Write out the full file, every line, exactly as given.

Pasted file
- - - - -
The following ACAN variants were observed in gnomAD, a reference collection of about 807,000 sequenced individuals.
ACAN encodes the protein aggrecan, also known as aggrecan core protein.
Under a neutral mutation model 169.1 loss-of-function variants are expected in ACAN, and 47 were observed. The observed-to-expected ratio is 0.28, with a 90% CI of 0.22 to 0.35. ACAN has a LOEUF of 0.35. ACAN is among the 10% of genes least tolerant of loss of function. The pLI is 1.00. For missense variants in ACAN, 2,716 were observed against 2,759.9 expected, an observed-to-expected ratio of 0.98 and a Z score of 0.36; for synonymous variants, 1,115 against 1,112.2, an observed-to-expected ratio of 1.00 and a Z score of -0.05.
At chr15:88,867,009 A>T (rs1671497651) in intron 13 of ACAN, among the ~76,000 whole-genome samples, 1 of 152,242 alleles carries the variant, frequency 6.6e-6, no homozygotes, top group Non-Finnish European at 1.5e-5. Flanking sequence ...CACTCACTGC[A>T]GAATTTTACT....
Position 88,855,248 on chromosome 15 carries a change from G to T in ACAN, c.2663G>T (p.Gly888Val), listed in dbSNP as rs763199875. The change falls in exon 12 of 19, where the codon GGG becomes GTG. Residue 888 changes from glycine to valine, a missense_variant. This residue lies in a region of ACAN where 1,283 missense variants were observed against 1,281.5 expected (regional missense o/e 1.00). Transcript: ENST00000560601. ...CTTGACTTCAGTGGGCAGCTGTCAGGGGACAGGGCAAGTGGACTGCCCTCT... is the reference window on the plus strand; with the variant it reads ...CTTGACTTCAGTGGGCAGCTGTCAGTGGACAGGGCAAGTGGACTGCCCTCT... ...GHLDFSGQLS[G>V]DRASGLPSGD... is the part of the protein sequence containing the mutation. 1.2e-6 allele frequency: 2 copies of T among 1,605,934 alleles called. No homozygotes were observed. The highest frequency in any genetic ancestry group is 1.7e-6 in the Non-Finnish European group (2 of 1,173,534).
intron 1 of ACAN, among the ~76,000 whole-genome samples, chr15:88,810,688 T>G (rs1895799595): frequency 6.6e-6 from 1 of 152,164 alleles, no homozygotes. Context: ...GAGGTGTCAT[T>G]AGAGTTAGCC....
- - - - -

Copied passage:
The following ACAN variants were observed in gnomAD, a reference collection of about 807,000 sequenced individuals.
ACAN encodes the protein aggrecan, also known as aggrecan core protein.
Under a neutral mutation model 169.1 loss-of-function variants are expected in ACAN, and 47 were observed. The observed-to-expected ratio is 0.28, with a 90% CI of 0.22 to 0.35. ACAN has a LOEUF of 0.35. ACAN is among the 10% of genes least tolerant of loss of function. The pLI is 1.00. For missense variants in ACAN, 2,716 were observed against 2,759.9 expected, an observed-to-expected ratio of 0.98 and a Z score of 0.36; for synonymous variants, 1,115 against 1,112.2, an observed-to-expected ratio of 1.00 and a Z score of -0.05.
At chr15:88,867,009 A>T (rs1671497651) in intron 13 of ACAN, among the ~76,000 whole-genome samples, 1 of 152,242 alleles carries the variant, frequency 6.6e-6, no homozygotes, top group Non-Finnish European at 1.5e-5. Flanking sequence ...CACTCACTGC[A>T]GAATTTTACT....
Position 88,855,248 on chromosome 15 carries a change from G to T in ACAN, c.2663G>T (p.Gly888Val), listed in dbSNP as rs763199875. The change falls in exon 12 of 19, where the codon GGG becomes GTG. Residue 888 changes from glycine to valine, a missense_variant. This residue lies in a region of ACAN where 1,283 missense variants were observed against 1,281.5 expected (regional missense o/e 1.00). Transcript: ENST00000560601. ...CTTGACTTCAGTGGGCAGCTGTCAGGGGACAGGGCAAGTGGACTGCCCTCT... is the reference window on the plus strand; with the variant it reads ...CTTGACTTCAGTGGGCAGCTGTCAGTGGACAGGGCAAGTGGACTGCCCTCT... ...GHLDFSGQLS[G>V]DRASGLPSGD... is the part of the protein sequence containing the mutation. 1.2e-6 allele frequency: 2 copies of T among 1,605,934 alleles called. No homozygotes were observed. The highest frequency in any genetic ancestry group is 1.7e-6 in the Non-Finnish European group (2 of 1,173,534).
intron 1 of ACAN, among the ~76,000 whole-genome samples, chr15:88,810,688 T>G (rs1895799595): frequency 6.6e-6 from 1 of 152,164 alleles, no homozygotes. Context: ...GAGGTGTCAT[T>G]AGAGTTAGCC....